"Governments cannot be held to account if Parliament does not know the accurate state of public finances," the Tory election platform said.
...
The source familiar with the job design said it's been changed substantially from the original concept and, if it relies on Finance forecasts, will be beholden to the department.

"In a one-sentence description, this person is to interpret the material of the Department of Finance for parliamentarians," the source said.

"I think the person who does this is going to have an impossible job. They're going to be totally dependent upon ... Finance for the analytics."
Anybody surprised at this point? The more banal the issue, the more blatant they are in completely obliterating their principles. Add public finances to the growing list of government functions whose independence has come under attack by the Conservatives...Elections Canada, the Canada Nuclear Safety Commission, the Canadian Wheat Board...it's quite the record they've built.

You'd think Conservatives who tout themselves as business friendly would be mindful of the importance of such concepts as independence, internal controls and risk management particularly when it comes to the public purse. Prudent stewards of our finances would welcome the rigour that an independent budget office would bring. Corporate Canada's boards are required to hew to independence, why can't the Conservatives stomach it?

Two of my faves together yesterday



Keith hosts Richard Lewis, enjoy...:)

Thursday, February 14, 2008

Happy Valentine's Day, blah blah blah

This one is right up there with New Year's Eve in the Impolitical books...:) Have yourself a good one...whether single or attached and play safely out there kids...:)

Wednesday, February 13, 2008

The Harper government still OK with Guantanamo Bay

The New York Times today calls for the trials of the six Guantanamo Bay prisoners allegedly involved in the 9/11 attacks to be moved to the U.S. federal court system. Their stated rationale:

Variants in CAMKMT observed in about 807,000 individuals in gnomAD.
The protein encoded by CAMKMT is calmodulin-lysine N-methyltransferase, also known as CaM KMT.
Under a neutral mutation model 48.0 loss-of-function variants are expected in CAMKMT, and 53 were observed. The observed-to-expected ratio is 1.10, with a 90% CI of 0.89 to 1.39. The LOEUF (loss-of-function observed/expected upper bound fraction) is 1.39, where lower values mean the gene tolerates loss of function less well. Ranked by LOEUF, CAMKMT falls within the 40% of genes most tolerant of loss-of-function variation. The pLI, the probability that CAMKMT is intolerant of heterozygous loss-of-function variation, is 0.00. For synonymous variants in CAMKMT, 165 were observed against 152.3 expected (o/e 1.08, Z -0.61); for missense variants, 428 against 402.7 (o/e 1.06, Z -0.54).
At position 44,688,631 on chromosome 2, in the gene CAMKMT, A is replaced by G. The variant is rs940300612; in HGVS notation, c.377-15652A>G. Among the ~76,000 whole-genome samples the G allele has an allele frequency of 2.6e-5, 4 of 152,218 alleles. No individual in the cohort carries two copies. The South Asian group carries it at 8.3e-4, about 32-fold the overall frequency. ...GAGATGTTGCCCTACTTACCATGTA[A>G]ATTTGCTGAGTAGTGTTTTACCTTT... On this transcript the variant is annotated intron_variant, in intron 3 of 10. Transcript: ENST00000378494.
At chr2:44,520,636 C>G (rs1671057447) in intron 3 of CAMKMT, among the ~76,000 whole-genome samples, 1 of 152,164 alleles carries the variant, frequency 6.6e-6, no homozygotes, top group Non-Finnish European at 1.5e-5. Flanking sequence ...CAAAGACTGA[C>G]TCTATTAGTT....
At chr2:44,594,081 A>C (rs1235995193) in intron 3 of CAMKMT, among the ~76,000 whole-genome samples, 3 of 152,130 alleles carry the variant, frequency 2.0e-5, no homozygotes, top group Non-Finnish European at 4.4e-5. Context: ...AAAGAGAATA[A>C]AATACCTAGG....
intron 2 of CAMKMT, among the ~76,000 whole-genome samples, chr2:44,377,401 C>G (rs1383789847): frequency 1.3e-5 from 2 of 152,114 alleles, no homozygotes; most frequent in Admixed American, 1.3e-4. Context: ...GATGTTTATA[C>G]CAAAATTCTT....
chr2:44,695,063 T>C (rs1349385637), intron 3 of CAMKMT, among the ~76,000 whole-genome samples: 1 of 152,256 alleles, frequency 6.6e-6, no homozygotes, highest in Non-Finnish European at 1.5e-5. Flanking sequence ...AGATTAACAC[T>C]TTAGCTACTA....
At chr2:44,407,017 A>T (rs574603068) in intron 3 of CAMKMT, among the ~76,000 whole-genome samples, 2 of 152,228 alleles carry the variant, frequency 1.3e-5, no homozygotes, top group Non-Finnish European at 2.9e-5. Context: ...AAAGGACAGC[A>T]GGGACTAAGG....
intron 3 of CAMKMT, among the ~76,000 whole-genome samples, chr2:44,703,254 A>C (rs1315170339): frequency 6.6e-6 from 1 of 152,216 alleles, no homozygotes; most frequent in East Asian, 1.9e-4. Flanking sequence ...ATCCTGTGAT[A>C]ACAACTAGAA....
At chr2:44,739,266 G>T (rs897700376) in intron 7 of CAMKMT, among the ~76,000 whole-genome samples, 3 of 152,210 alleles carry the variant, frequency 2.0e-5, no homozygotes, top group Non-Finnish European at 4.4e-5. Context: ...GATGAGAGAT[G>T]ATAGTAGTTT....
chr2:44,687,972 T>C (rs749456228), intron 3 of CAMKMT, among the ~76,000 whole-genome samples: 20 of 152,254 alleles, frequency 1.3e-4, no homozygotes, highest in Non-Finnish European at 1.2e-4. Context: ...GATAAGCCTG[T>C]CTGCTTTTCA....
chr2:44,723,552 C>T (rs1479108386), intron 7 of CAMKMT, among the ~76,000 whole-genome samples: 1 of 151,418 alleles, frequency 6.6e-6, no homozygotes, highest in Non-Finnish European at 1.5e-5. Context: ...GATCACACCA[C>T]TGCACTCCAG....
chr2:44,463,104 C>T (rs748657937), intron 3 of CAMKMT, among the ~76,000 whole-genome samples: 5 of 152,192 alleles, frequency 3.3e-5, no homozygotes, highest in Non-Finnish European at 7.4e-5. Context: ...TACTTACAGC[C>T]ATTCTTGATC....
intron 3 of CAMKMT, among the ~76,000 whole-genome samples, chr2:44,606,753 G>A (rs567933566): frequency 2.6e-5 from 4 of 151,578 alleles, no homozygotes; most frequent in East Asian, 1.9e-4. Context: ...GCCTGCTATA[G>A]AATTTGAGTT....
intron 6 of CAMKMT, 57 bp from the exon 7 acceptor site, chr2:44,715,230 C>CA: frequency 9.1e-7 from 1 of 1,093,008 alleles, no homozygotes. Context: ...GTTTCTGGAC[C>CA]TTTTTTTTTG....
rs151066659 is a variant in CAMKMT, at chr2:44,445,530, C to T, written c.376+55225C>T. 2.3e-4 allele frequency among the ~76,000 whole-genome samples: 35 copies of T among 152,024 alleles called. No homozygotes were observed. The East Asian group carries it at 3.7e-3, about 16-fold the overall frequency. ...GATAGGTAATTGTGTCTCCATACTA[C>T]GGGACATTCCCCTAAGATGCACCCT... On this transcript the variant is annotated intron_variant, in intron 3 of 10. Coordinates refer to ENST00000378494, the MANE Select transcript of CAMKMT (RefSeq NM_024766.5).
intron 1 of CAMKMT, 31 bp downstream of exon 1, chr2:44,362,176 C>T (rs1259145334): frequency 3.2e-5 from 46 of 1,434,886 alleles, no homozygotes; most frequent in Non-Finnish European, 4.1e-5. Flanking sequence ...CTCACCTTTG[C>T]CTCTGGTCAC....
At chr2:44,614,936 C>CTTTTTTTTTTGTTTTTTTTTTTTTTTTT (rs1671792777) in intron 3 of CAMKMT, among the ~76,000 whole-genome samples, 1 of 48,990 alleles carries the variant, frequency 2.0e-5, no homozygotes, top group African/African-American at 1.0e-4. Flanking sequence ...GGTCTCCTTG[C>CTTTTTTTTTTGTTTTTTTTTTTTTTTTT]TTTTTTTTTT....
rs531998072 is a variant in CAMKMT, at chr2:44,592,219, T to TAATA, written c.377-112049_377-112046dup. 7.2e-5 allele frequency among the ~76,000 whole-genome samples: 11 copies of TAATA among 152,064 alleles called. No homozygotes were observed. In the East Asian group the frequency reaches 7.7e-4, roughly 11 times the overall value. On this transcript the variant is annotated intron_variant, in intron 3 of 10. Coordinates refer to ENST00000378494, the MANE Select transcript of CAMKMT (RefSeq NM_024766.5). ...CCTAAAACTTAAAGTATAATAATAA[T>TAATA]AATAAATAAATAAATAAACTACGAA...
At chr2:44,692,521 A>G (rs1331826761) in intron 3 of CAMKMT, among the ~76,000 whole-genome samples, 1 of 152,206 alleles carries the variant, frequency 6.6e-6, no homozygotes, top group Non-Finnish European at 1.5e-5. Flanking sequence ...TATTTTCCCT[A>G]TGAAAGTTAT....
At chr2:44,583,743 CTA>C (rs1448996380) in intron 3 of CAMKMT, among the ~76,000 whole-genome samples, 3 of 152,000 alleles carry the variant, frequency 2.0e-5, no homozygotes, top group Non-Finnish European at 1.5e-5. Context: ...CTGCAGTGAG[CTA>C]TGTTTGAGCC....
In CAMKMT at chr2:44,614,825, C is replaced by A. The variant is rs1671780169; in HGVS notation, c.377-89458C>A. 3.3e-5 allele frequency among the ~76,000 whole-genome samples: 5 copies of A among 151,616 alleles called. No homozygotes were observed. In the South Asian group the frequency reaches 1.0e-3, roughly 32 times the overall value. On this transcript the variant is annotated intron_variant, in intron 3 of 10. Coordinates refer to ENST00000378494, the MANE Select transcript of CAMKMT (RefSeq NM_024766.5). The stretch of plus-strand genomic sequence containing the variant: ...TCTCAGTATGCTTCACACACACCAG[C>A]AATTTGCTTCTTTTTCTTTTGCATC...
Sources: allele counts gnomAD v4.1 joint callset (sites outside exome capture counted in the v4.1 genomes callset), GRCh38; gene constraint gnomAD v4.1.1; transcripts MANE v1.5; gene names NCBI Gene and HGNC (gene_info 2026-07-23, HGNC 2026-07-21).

The Bush administration’s decision to put six detainees at Guantánamo Bay, Cuba, on trial before military tribunals and to seek the death penalty is both a betrayal of American ideals and simply bad strategy. Instead of being what they could and should be — a model of justice dispensed impartially, surely and dispassionately — the trials will proceed under deeply flawed procedures that violate this country’s basic fairness. The intense negative attention they will receive will do enormous damage to what is left of America’s standing in world opinion.
...
This week’s announcement is a reminder that those rights will be so limited in the military tribunals that the credibility of any verdict will be undermined. Prosecutors will be able to use evidence obtained by improper means, including by torture. The rules will be stacked in the government’s favor, so hearsay evidence that would not be allowed in civilian courts may be allowed. Prosecutors may rely on classified evidence that the defendants will not be able to challenge. Defendants may not be allowed to call important witnesses.